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  • Jancis Robinson
Written by
  • Jancis Robinson
28 Apr 2018

A version of this article is published by the Financial Times. See also The cool Macedon Ranges with Max

Viticulture textbooks tend to ignore one vital element in their chapters about vineyard site selection and go on about climate, aspect, drainage and water supply. But in a world in which we are told consumers are more and more interested in experiences rather than just products, proximity to tourists is surely a more and more useful attribute in a winery. 

Chinese investors, mirroring the massive current Chinese investment in tourism in the Australian state of Victoria, realised this when they bought the historic Goona Warra vineyard in Sunbury just 15 minutes from Melbourne's international airport, and not much more than half an hour of the city centre. So confident are they of the future of wine tourism that last year they announced plans to spend AU$45 million on creating a resort there which, if successful, would include a 76-suite hotel, group accommodation, revamped restaurant, 'function centre', brand-new winery, villas and a spa.

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Last November I was told that the new owners were yet to cross the road and enter the gates above to visit their neighbours, admittedly their antithesis, at Craiglee VIneyard. As Melbourne wine writer Max Allen points out in his book The future makers – Australian wines for the 21st century, every cocky young winemaker should be sent to Craiglee, 'to spend some time in the calm company of Pat Carmody, the most humble winemaker I've ever met'.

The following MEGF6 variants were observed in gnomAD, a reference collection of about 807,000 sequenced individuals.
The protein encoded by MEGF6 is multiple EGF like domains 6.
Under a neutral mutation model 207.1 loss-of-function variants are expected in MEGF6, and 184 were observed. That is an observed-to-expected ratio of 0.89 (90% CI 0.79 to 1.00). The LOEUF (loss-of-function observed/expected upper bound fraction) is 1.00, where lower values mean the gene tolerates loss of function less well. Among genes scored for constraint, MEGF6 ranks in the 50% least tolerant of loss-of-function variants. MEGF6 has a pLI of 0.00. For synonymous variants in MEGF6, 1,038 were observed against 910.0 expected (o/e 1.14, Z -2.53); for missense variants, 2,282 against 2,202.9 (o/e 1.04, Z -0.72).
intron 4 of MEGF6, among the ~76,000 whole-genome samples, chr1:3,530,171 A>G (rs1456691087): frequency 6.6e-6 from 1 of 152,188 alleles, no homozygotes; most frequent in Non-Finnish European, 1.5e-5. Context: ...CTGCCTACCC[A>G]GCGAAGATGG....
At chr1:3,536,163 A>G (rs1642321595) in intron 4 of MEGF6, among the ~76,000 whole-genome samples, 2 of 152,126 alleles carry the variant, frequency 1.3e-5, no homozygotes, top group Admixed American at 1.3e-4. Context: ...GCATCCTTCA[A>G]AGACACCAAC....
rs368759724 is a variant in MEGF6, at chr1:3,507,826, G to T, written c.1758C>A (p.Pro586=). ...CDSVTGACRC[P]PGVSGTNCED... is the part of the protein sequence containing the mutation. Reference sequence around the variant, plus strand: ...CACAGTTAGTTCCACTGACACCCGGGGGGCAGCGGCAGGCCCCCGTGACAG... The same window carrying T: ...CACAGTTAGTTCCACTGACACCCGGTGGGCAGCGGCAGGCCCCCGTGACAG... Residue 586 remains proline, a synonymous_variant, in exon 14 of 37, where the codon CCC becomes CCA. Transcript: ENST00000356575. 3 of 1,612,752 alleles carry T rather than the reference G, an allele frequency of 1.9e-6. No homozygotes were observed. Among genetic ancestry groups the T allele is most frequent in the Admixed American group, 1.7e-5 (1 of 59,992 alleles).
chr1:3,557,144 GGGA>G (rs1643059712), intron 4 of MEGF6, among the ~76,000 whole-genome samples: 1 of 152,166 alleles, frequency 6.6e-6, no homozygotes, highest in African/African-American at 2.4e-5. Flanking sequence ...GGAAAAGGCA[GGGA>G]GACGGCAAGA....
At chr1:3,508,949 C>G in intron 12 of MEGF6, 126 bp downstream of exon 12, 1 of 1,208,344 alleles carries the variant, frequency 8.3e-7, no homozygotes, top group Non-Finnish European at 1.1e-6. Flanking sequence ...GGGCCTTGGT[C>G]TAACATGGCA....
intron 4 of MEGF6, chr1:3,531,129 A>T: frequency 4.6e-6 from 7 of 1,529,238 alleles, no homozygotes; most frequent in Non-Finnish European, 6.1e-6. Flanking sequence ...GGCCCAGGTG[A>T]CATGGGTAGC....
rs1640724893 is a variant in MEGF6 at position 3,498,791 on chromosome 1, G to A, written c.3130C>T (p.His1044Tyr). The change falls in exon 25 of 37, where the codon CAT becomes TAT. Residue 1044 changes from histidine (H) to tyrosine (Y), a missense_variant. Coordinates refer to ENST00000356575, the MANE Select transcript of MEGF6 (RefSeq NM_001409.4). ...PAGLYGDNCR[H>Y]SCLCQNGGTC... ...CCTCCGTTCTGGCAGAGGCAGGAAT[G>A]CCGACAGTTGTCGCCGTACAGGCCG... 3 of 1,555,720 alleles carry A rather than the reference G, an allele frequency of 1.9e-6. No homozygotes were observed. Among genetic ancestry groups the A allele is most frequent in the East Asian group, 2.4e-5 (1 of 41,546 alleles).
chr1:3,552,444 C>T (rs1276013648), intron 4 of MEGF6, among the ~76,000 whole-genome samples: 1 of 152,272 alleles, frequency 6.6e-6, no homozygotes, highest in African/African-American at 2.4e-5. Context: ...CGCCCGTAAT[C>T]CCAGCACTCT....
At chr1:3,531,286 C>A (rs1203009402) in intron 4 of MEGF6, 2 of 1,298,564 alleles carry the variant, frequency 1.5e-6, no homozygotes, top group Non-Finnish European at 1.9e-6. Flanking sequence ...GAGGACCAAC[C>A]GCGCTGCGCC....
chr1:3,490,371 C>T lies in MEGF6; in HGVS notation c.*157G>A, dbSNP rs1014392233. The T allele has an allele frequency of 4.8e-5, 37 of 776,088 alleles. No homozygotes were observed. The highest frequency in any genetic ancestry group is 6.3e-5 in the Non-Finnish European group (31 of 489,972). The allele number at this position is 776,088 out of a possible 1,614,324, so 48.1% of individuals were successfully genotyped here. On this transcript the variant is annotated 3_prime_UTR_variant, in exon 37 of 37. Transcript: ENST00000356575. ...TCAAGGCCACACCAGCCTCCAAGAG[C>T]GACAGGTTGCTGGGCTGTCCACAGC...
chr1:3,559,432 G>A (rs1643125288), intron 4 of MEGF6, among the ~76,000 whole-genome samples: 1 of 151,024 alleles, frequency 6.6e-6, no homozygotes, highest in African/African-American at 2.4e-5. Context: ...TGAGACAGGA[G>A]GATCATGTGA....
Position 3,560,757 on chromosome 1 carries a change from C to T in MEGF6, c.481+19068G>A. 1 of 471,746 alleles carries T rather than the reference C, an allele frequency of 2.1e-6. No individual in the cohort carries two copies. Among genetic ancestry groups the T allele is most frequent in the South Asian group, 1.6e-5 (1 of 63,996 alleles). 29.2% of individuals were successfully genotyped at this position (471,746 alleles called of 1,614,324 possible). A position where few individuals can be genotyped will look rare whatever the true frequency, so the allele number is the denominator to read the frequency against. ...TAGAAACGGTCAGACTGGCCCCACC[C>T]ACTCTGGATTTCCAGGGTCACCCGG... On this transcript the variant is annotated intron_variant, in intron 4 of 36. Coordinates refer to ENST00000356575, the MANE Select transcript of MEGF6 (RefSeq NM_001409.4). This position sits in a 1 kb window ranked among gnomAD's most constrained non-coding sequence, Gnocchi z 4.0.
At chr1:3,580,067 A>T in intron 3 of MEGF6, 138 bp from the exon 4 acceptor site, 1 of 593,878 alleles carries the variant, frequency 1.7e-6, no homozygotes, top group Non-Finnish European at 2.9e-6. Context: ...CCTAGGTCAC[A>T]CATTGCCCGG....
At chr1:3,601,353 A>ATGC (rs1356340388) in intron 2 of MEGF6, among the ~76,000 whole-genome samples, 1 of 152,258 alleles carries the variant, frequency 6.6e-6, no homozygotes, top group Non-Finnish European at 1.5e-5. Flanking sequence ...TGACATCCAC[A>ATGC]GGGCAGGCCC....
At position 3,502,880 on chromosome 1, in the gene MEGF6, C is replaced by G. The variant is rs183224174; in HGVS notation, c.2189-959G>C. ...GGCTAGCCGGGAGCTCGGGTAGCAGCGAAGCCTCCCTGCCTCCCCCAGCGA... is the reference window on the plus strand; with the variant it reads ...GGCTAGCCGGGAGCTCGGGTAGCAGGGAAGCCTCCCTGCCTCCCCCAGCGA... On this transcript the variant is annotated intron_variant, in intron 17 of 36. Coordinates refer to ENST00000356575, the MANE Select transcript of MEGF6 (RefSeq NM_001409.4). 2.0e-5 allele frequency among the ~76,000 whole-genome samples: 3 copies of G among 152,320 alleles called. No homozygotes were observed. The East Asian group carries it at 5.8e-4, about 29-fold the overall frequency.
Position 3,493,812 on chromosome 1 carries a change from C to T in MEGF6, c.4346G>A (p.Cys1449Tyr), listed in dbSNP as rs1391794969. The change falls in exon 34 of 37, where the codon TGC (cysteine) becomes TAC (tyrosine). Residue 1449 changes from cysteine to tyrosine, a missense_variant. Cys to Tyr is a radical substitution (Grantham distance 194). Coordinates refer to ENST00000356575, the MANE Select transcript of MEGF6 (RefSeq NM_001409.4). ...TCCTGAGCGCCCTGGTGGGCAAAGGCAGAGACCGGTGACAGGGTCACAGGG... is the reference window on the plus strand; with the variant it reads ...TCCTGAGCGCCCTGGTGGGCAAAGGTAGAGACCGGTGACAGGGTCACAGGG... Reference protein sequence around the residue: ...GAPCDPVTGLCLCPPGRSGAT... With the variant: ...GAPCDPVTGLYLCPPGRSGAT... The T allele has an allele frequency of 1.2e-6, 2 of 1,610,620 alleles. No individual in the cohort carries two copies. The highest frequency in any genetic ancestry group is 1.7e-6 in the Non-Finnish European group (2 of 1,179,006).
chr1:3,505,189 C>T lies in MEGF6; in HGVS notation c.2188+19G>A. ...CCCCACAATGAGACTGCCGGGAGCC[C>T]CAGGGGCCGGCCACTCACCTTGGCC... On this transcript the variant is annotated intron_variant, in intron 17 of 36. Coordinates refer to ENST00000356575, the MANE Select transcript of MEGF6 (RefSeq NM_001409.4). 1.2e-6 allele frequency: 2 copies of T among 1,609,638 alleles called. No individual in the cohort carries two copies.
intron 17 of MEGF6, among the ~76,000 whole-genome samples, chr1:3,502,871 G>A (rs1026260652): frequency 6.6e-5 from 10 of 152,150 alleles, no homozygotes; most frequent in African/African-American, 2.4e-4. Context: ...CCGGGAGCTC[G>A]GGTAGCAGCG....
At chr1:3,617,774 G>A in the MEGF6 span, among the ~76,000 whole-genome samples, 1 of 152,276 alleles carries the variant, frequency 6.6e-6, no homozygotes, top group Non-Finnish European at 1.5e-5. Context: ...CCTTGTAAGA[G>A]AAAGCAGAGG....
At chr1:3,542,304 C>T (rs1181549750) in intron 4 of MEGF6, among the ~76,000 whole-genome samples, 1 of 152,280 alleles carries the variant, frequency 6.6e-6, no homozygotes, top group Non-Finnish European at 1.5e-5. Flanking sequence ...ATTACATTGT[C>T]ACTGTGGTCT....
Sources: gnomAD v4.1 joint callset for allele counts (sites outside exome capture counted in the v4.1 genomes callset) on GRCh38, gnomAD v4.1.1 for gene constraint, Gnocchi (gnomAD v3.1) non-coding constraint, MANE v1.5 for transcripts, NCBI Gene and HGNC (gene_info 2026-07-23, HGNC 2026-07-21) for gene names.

From my European vantage point, I'd like everyone I've come across who is convinced that history, terroir influence, restraint and longevity are exclusive to European wines to visit the four-floor bluestone winery built soon after the first vines went in here in 1864. It was gravity-fed (grapes then wine naturally flowing into barrels on the bottom floor) almost a century and a half before the term became so fashionable among winery designers. And the wines show no sign whatsoever of being subject to the whims of fashion.

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On my first-ever visit to Craiglee I felt immediately at home. The thick stone walls, the open rafters, the uneven exposed floorboards, the open wooden steps between floors, the cast iron hoists – they were all identical to the Victorian warehouse my great great grandfather, a seed merchant, built next to the Cumbrian house I was brought up in.

Pat Carmody, red-cheeked, white-haired, and with a constant quizzical smile as pictured above right, poured me a taste of the famous Craiglee Shiraz from the four most recent vintages in bottle, from 2015 back to 2012. I found an impressive common thread of freshness and delicacy. Carmody is clearly not scared of tannin; like its stablemates, the 2015 has been made for the long term, and won't be released until the end of this year. I gave them all unusually consistent scores and tasting notes.

He then asked which other vintages I'd like to taste, before disappearing, amid much clanking of glass, in search of the 1997, 1996 and 1995. They proved to be more of the same plus the patina of age. As Allen writes of the French counterparts to this marvellously sophisticated wine, 'finding a Cornas or Hermitage with the same finesse and complexity as a good Craiglee Shiraz would be a frighteningly expensive exercise'.

When vines were first planted at Craiglee, by a Victorian MP and newspaperman, Craiglee must have felt very distant from the city. By the late 1920s, sheep were much more attractive economically than the vines that were finally pulled out in the 1940s. The Carmodys were sheep farmers in northern Victoria and bought the Craiglee farm in 1961, intending in the long term to capitalise on land values in greater Melbourne.